Posted by on Nov 24, 2014 in | 0 comments

In the line with other works related to research on the “quantified self”, Pulse explores the complexity of the living ecosystem through an “aggregate heart rate” derived from the heart rate and position of every person within their vicinity. Pulse goes a step further by interoperating data from the tracking physical activity and heart-rate of individuals into a mesh network. Pulse is a media installation that allows visitors using a wearable bracelet, through a visual oscillatory system, to actively experience their own heart rate as well as others that are aggregated in a mesh network of biological activity. The aim of this research project is to study the potentiality of aggregating biological signals within a physical environment which can be detected, analyzed, modified and shared among a group of individuals in an era of distributed and wearable computers and visualizing such information as biological phenomena.

About the authors

Marcelo Coelho is an artist and designer whose work seeks to challenge our perception of the physical world by imbuing materials with computation. Spanning a wide range of media, processes, and scales, his work explores the boundaries between matter and information, shedding light on how our senses shape and limit our experiences, while using technology to create new forms of communication and expression. Marcelo Coelho’s work has been exhibited worldwide, including Ars Electronica, The Corcoran Gallery of Art, Design Miami/, The Creators Project, Riflemaker Gallery, Johnson Trading Gallery, MIT Museum, Waddesdon Manor, among others. His work can also be found in private collections including the Maxine and Stuart Frankel Foundation for Art, The Rothschild Collection and the Tech Museum of Innovation.  Originally from Sao Paulo, Brazil, Marcelo Coelho received a Bachelor in Computation Arts with highest honors from Concordia University, and a Master and Doctorate in Media Arts and Sciences from the Fluid Interfaces Group at the MIT Media Lab. Marcelo Coelho currently lives in Boston, where he spends his time between his studio and MIT, developing personal work, collaborations, commissions and research.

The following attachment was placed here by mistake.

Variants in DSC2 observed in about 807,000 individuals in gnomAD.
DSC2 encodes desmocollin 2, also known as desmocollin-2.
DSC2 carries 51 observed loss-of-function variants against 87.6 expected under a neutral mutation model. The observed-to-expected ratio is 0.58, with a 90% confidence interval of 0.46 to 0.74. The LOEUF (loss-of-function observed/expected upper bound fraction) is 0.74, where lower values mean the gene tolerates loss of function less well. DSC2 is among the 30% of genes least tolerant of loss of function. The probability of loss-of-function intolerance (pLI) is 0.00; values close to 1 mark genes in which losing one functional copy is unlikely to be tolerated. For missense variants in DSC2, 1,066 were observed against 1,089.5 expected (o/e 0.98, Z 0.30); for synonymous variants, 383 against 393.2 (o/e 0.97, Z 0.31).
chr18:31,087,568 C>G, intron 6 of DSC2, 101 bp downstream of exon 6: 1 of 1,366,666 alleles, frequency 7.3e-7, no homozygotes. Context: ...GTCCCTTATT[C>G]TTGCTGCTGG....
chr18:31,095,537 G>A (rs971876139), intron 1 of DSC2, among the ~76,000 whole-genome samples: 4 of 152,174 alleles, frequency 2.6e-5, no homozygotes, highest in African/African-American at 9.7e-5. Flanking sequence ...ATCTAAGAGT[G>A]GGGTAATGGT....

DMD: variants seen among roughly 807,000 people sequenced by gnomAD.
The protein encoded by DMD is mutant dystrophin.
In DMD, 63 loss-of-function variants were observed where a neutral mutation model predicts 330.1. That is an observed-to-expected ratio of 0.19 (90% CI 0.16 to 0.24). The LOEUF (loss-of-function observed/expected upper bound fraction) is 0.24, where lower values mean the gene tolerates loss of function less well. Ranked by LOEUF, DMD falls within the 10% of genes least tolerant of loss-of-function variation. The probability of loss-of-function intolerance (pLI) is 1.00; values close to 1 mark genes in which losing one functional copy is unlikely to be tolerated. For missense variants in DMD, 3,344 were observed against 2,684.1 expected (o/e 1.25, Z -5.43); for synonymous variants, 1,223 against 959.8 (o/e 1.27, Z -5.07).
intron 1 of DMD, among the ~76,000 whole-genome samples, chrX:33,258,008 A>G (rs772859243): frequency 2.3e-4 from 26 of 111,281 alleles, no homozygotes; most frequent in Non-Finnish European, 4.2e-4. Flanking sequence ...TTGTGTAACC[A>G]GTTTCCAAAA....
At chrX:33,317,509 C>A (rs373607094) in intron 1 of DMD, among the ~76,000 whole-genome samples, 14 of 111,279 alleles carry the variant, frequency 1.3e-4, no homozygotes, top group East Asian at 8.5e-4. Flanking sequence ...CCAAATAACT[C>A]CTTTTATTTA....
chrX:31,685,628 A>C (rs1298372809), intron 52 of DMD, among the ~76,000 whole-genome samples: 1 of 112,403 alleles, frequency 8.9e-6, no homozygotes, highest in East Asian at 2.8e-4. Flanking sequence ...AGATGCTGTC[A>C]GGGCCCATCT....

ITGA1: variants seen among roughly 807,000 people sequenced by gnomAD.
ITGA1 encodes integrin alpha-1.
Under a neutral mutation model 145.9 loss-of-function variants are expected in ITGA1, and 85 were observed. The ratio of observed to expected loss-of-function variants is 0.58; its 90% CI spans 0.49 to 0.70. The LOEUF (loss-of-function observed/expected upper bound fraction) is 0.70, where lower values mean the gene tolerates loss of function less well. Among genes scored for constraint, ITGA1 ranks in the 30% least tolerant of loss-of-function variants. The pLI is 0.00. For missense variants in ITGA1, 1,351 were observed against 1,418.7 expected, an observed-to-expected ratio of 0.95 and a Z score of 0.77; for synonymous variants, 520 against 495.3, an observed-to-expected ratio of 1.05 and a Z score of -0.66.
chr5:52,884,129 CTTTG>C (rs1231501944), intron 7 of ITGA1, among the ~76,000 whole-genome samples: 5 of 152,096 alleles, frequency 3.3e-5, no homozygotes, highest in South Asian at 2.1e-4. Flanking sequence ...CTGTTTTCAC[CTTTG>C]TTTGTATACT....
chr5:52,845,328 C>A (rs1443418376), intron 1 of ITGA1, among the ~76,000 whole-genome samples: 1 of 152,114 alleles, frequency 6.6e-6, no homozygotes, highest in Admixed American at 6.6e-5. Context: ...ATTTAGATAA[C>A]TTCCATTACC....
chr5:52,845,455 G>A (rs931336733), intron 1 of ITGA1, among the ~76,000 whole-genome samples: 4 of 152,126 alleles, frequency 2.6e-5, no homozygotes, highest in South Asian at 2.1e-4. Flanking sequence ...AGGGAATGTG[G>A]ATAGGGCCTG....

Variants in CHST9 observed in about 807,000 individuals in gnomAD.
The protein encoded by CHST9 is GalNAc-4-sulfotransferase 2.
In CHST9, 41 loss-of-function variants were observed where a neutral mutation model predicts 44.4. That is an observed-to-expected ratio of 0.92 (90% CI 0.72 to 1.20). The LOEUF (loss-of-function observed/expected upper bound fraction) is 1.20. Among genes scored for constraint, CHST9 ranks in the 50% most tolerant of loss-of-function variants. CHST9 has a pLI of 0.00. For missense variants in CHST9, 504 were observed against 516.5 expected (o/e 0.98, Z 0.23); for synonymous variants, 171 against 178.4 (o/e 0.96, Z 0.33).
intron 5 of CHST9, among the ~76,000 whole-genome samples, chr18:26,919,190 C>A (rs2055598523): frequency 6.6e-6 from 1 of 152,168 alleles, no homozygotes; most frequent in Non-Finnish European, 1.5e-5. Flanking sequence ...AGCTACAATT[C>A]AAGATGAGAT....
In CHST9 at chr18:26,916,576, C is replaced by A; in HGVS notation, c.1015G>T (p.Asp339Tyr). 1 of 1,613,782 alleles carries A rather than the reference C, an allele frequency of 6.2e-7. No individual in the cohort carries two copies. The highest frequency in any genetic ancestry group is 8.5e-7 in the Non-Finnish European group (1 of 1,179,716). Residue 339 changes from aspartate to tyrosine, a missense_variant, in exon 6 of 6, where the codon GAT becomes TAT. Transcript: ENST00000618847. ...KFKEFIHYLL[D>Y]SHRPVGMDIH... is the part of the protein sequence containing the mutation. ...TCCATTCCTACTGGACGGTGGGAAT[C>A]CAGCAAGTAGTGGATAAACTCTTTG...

Tal Danino is postdoctoral fellow at the MIT, where he studies how microscopic organisms coordinate their behaviors. His Ph.D. work in the field of synthetic biology focused on re-programming bacteria to synchronize their genetic clocks. Tal’s work has been published in prominent scientific journals such as Nature and Science. Tal received BS degrees in Physics, Math, and Chemistry from UCLA and a Ph.D. in Bioengineering from UCSD.